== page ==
In 2015, companies incurred an average cost of $154 per breached record and were exposed to a consolidated total cost of $3.8 million per data breach.[2] Breaches are going to happen, but preparation will be key to minimizing the damage done to your organization and your clients in 2016 and beyond.

About the author:  Meaghan Zore, founder and principal of Zore Law, advises entrepreneurs and emerging companies on a wide range of legal matters such as business formations, intellectual property issues, commercial agreements and data and privacy considerations. In addition to her practice, she teaches Advanced Civil Procedure: Electronic Discovery and Information Privacy law at Indiana University Robert H. McKinney School of Law.  She may be reached at www.zorelaw.com meaghan@zorelaw.com. Tel: 415-347-0004

 

[1] http://www.privacyrights.org/data-breach

[2] http://www-03.ibm.com/security/data-breach/

Back to School Special on Estate Plans

Author: Katy M. Young

As summer comes to an end and we all go back to school in one form or another, it is time to revisit the good old to-do list. Is an estate plan on your to-do list? If you are a business owner, an estate plan that addresses business succession is critically important. If you own a home, the only way to avoid probate is by creating a trust. If you have children, an estate plan is the only way to ensure your control over who becomes your child’s guardian should anything happen to you. Ad Astra Law Group, LLP is offering a back to school special on estate plans completed in August and September 2014.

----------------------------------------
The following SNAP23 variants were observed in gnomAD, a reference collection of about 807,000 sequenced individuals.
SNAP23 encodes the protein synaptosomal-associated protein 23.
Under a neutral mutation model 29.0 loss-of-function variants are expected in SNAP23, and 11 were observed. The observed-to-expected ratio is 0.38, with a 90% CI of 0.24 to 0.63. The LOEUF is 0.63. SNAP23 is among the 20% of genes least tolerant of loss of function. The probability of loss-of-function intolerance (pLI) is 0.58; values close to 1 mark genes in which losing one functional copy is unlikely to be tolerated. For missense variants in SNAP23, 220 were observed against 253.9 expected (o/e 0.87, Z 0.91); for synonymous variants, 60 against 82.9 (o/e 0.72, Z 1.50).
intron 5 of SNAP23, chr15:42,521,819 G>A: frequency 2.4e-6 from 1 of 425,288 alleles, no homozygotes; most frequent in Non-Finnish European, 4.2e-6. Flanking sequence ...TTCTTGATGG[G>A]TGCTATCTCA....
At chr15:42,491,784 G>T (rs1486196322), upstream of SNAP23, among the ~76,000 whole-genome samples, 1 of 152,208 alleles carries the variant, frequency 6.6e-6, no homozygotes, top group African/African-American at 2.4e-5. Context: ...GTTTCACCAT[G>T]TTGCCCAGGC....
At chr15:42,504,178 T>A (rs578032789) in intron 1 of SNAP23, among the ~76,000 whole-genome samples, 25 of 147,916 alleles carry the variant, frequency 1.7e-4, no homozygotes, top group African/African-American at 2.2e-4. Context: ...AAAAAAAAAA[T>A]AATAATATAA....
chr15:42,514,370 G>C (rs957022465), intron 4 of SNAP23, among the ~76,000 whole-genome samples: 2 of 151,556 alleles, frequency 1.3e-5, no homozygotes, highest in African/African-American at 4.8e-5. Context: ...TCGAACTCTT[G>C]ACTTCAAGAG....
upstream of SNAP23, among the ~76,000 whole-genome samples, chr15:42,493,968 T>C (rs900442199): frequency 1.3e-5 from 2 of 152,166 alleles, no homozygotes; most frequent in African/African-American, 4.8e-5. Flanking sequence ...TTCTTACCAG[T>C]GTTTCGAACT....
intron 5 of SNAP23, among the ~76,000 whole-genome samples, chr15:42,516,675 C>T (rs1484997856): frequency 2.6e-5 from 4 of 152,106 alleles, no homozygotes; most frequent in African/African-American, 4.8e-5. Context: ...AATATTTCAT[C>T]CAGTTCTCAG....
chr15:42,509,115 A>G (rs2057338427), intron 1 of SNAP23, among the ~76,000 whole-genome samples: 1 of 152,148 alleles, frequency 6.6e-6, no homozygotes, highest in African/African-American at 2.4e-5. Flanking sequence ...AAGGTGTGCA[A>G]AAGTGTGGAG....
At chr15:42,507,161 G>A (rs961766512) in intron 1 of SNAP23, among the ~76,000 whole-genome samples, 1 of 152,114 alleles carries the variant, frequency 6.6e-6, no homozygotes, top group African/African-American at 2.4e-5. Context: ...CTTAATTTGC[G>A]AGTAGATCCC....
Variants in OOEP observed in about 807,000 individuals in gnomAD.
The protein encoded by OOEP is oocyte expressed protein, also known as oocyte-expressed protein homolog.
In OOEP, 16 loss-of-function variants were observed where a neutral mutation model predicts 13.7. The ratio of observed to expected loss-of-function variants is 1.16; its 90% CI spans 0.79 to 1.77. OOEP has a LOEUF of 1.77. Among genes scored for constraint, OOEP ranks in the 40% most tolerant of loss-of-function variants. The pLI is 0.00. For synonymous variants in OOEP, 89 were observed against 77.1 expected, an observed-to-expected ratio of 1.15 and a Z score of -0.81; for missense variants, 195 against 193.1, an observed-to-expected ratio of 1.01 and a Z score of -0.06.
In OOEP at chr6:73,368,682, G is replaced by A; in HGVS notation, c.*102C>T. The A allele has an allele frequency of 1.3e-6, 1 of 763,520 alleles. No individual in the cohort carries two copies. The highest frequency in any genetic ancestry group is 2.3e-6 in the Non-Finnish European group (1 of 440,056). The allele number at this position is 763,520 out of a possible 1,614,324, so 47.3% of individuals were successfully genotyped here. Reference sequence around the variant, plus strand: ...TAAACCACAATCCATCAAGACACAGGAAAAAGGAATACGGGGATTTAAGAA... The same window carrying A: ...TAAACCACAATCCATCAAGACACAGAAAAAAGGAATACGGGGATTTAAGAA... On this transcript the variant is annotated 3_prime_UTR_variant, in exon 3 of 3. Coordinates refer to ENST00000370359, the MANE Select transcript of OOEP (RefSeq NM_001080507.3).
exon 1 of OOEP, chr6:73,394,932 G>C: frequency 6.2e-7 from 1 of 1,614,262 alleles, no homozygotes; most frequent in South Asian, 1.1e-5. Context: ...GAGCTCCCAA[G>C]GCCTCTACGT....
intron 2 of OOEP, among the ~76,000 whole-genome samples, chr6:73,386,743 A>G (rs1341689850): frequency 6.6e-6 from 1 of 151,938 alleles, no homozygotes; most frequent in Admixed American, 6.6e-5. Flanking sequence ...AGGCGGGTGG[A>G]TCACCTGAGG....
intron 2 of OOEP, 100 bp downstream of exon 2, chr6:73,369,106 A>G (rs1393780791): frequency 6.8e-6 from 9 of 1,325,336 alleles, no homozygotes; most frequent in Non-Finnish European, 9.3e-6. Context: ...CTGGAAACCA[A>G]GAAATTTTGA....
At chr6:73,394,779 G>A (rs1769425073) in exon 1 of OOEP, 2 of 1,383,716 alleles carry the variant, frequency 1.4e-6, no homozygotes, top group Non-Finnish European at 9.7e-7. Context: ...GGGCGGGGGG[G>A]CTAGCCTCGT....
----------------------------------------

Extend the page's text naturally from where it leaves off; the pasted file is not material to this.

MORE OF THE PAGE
What is an estate plan? Ad Astra Law Group, LLP offers a comprehensive estate plan package that will protect you, your loved ones, and your assets should tragedy strike. We’ll prepare a trust and a will to address what happens when you pass away. We also create advance health care directives and powers of attorney to protect you in case you become incapacitated. Our lawyers will educate you about the process, guide you through tough decisions, and perform a signing ceremony with a notary to complete the estate plan package. The whole process takes about a month from start to finish.